Thursday, December 08, 2005

One cheer for postmodern thought

Despite of most of the ”new theory” having proven to be such a blind alley for humanities it must be acknowleged that it has raised awareness of the polyfony of human experience: it has listened to silenced voices, to minorities, to the marginalized. There is much true value in that. The whole postmodern family of theories and schools of thought have also very analytically focused on the complex way that language interacts with the structures culture and society, and vitally important questions have been thus raised. Even if never satisfactorily answered. Yes, enormous amounts of energy have been wasted, incredibly much time has been lost to scholastic trivialities, but even amidst this gathering backlash we should remember the genuinely valuable contributions which have profoundly changed our perspectives for the better.

2 comments:

helsinkian said...

I think too there is a lot of good in postmodern thought. The ability to put everything into question is a great philosophical tradition and postmodern thought is quite a logical continuation on that path.

Yes, sometimes it seems a lot of time is wasted on trivialities and those trivialities give a convenient excuse not to see what else is happening. But that's what the scholastics already did in the Middle Ages. What about the sophists in Ancient Greece? A certain trivial way of putting things into question and not seeing them in perspective is perhaps quite a profound human trait.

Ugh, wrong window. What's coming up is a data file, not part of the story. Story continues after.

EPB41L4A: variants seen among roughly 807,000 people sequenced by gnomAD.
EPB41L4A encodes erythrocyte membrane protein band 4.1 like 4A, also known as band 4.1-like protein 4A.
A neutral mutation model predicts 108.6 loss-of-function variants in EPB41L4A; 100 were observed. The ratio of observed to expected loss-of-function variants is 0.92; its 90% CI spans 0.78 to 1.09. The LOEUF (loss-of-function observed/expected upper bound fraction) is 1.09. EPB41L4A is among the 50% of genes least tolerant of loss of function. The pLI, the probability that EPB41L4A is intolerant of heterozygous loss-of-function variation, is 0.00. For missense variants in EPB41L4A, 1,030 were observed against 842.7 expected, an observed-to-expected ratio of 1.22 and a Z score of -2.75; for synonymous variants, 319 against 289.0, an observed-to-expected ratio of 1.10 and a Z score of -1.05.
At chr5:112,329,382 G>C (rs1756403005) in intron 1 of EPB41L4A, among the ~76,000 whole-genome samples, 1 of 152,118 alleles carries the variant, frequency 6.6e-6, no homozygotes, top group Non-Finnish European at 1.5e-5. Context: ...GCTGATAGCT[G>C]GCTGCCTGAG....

Of course, postmodern means almost nothing as there are so many things beginning with post-. Most of those other things, not strictly postmodern but related to it, are very useful and already a step back into putting things into perspective. I think it depends on whether one is a postmodern purist or uses new insights in a creative combination with something else, bringing substance to the project.

When it comes to postmodern as such, I still haven't read Baudrillard or Lyotard (often credited with theorizing the whole thing in French philosophy) and don't feel able to pass judgment on what they meant by postmodern. It's like everybody is passing judgment on Freud without reading him. Of course, the reason not to have read Baudrillard or Lyotard has been that I haven't expected to get that much out of reading purely postmodern philosophers. Poststructuralism interests me somewhat but postmodernism itself has always sounded more like an academic marketing ploy to me.

stockholm slender said...

Yes, a good point on the inexactness of the term postmodern. I used it quite loosely, there are many strands of thought and some quite contradictory even, but at the same time I think it fairly easy to understand to what is referred to in practice. Post-structuralism to me is quite the core of postmodern philosophy, but I do realize that there differing opinions about that.